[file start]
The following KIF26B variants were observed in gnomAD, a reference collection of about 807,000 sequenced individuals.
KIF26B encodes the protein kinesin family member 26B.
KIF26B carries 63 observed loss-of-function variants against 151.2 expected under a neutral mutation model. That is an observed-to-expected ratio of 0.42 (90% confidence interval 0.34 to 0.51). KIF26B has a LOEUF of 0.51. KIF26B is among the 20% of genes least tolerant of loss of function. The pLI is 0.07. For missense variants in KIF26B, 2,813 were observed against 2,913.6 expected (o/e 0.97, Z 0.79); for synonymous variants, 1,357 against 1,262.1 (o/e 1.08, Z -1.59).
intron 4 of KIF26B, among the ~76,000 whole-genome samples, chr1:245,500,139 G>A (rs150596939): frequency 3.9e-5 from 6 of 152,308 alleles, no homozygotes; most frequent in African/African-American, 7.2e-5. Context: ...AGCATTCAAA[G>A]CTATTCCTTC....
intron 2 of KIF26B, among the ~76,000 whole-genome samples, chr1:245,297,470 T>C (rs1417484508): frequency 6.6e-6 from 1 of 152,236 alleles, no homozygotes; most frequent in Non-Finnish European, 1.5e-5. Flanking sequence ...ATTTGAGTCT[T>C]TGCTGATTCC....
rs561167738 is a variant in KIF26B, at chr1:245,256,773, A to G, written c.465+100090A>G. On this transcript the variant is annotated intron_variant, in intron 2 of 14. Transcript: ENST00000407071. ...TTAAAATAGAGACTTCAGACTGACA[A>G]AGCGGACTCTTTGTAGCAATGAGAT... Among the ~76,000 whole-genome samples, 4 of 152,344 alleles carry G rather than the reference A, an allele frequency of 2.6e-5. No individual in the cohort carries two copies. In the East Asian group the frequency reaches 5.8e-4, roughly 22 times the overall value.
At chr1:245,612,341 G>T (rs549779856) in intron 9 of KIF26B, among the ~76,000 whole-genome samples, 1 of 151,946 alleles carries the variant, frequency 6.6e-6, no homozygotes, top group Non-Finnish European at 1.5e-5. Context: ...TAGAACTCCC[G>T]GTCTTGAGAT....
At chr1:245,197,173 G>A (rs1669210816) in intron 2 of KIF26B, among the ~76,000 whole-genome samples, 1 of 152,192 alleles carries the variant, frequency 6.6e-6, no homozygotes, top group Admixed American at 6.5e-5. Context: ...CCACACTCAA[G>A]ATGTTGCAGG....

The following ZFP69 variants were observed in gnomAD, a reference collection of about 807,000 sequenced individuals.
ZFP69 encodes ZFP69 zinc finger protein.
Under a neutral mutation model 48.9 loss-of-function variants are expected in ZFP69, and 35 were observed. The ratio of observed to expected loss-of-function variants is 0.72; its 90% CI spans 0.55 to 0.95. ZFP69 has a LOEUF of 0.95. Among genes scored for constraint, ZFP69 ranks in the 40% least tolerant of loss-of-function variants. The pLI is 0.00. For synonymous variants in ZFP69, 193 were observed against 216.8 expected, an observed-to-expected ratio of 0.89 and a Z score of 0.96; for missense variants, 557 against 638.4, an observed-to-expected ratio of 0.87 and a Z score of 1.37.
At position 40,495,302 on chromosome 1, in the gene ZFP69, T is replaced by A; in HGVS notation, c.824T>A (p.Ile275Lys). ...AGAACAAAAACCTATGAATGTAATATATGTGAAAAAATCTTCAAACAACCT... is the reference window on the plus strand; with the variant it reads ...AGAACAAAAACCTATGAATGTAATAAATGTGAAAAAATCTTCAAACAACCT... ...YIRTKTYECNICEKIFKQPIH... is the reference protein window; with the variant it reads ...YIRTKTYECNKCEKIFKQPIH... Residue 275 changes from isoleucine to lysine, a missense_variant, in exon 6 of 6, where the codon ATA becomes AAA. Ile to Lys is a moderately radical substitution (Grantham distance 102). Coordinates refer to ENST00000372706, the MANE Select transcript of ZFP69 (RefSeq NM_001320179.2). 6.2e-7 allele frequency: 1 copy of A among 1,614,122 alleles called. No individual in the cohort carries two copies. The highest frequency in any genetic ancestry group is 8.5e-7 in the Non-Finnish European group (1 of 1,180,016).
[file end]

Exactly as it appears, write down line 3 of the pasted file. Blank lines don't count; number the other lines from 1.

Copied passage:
KIF26B carries 63 observed loss-of-function variants against 151.2 expected under a neutral mutation model. That is an observed-to-expected ratio of 0.42 (90% confidence interval 0.34 to 0.51). KIF26B has a LOEUF of 0.51. KIF26B is among the 20% of genes least tolerant of loss of function. The pLI is 0.07. For missense variants in KIF26B, 2,813 were observed against 2,913.6 expected (o/e 0.97, Z 0.79); for synonymous variants, 1,357 against 1,262.1 (o/e 1.08, Z -1.59).